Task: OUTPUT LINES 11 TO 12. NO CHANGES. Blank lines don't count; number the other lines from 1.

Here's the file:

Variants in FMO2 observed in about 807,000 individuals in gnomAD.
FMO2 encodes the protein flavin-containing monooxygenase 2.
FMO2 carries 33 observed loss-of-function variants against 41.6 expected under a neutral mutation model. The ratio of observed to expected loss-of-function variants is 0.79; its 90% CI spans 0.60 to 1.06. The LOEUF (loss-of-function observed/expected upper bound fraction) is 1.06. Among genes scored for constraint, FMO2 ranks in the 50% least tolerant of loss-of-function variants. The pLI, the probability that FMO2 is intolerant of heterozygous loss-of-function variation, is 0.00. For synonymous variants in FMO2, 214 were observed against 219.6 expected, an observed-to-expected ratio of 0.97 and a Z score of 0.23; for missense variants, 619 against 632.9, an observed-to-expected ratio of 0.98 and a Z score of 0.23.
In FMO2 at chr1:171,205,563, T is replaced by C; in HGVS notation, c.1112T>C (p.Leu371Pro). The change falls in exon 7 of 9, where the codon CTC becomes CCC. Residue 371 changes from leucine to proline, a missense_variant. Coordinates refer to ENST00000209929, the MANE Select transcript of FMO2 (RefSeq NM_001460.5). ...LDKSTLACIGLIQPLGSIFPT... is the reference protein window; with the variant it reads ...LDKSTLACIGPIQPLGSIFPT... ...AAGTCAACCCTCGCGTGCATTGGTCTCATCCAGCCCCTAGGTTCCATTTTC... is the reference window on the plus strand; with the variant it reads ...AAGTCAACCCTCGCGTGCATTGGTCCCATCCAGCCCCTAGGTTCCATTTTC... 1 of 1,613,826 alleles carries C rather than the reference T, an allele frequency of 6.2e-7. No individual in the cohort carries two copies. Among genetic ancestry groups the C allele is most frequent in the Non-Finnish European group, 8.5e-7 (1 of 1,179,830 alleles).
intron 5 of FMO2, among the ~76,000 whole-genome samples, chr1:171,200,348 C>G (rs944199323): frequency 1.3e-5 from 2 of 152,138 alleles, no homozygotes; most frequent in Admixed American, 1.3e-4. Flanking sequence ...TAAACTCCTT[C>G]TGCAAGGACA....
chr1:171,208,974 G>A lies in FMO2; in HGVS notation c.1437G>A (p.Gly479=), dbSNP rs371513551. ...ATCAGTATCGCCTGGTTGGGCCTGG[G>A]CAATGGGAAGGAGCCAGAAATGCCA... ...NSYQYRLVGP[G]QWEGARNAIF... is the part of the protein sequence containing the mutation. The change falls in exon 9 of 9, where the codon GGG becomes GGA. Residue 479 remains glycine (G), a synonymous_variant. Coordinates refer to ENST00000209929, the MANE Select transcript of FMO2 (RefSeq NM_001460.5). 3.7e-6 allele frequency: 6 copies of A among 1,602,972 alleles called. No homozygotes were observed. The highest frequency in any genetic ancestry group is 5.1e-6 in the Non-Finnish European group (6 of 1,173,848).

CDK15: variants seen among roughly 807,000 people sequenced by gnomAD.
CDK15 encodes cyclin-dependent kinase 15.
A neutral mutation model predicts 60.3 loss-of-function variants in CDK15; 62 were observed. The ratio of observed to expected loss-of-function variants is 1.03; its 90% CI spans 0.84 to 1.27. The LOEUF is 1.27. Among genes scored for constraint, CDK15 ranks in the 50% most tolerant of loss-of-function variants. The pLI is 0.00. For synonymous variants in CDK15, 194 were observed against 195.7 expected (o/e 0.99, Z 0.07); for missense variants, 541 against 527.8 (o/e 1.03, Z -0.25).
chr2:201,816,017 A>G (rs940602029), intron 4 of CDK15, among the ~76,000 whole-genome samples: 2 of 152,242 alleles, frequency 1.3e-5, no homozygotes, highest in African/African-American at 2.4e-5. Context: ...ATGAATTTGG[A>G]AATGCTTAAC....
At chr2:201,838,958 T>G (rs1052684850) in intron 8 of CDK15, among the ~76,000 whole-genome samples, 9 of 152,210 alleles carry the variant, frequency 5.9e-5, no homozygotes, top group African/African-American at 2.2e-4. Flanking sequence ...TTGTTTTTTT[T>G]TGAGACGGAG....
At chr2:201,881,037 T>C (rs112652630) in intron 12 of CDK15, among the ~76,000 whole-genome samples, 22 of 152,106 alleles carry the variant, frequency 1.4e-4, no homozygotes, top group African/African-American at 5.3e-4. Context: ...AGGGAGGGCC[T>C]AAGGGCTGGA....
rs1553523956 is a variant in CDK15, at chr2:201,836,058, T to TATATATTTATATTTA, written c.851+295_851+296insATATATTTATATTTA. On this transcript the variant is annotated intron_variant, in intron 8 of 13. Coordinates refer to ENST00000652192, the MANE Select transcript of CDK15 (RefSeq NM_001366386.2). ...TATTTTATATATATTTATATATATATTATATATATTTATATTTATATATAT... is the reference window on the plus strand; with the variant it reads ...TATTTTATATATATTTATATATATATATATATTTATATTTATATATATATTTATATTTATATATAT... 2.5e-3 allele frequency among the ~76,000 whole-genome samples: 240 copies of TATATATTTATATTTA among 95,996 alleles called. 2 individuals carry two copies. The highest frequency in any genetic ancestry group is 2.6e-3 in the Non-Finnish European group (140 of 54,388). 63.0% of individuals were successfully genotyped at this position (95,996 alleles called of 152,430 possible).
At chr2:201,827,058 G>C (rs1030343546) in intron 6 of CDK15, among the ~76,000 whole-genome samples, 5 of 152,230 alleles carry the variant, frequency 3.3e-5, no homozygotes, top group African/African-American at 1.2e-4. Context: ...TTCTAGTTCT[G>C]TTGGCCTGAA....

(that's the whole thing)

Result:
At chr2:201,838,958 T>G (rs1052684850) in intron 8 of CDK15, among the ~76,000 whole-genome samples, 9 of 152,210 alleles carry the variant, frequency 5.9e-5, no homozygotes, top group African/African-American at 2.2e-4. Flanking sequence ...TTGTTTTTTT[T>G]TGAGACGGAG....
At chr2:201,881,037 T>C (rs112652630) in intron 12 of CDK15, among the ~76,000 whole-genome samples, 22 of 152,106 alleles carry the variant, frequency 1.4e-4, no homozygotes, top group African/African-American at 5.3e-4. Context: ...AGGGAGGGCC[T>C]AAGGGCTGGA....